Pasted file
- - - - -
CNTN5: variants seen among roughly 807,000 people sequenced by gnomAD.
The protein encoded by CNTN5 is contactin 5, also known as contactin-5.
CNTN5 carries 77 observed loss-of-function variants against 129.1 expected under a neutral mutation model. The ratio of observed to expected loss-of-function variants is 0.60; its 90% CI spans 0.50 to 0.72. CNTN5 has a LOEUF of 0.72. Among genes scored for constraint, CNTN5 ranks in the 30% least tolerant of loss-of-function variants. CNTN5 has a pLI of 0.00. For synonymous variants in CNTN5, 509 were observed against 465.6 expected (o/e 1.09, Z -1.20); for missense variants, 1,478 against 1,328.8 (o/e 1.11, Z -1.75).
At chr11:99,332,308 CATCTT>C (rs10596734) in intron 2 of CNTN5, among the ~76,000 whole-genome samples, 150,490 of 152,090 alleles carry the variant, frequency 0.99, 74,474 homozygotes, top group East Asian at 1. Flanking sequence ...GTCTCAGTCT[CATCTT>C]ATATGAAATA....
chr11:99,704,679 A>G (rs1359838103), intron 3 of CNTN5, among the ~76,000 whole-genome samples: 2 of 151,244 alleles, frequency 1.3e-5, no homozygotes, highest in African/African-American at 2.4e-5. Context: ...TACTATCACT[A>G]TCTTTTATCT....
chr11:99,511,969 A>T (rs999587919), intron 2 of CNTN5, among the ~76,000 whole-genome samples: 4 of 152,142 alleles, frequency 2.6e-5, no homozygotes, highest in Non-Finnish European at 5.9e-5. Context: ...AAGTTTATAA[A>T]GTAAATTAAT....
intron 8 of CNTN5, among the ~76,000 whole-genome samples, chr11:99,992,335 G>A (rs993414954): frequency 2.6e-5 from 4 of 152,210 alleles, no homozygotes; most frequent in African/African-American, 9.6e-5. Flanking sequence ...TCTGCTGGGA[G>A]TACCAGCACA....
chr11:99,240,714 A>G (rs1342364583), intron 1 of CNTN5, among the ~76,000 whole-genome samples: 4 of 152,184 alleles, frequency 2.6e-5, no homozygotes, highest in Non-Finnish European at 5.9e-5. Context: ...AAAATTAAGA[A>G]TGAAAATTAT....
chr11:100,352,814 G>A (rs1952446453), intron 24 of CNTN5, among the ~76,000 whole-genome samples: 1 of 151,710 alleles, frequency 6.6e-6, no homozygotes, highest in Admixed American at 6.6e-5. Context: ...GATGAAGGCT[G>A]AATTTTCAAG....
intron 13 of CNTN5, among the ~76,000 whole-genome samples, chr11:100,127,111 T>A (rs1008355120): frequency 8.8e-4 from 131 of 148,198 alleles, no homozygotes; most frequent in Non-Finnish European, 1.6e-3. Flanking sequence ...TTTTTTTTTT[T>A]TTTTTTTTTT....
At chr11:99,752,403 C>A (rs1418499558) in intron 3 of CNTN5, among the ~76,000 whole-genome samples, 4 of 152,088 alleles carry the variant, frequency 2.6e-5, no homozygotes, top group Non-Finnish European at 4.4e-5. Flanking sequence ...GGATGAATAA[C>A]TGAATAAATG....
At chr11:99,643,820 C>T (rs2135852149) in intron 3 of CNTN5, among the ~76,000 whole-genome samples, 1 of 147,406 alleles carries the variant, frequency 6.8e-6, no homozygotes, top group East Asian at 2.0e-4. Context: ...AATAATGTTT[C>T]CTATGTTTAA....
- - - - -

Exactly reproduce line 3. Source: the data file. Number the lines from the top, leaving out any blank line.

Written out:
CNTN5 carries 77 observed loss-of-function variants against 129.1 expected under a neutral mutation model. The ratio of observed to expected loss-of-function variants is 0.60; its 90% CI spans 0.50 to 0.72. CNTN5 has a LOEUF of 0.72. Among genes scored for constraint, CNTN5 ranks in the 30% least tolerant of loss-of-function variants. CNTN5 has a pLI of 0.00. For synonymous variants in CNTN5, 509 were observed against 465.6 expected (o/e 1.09, Z -1.20); for missense variants, 1,478 against 1,328.8 (o/e 1.11, Z -1.75).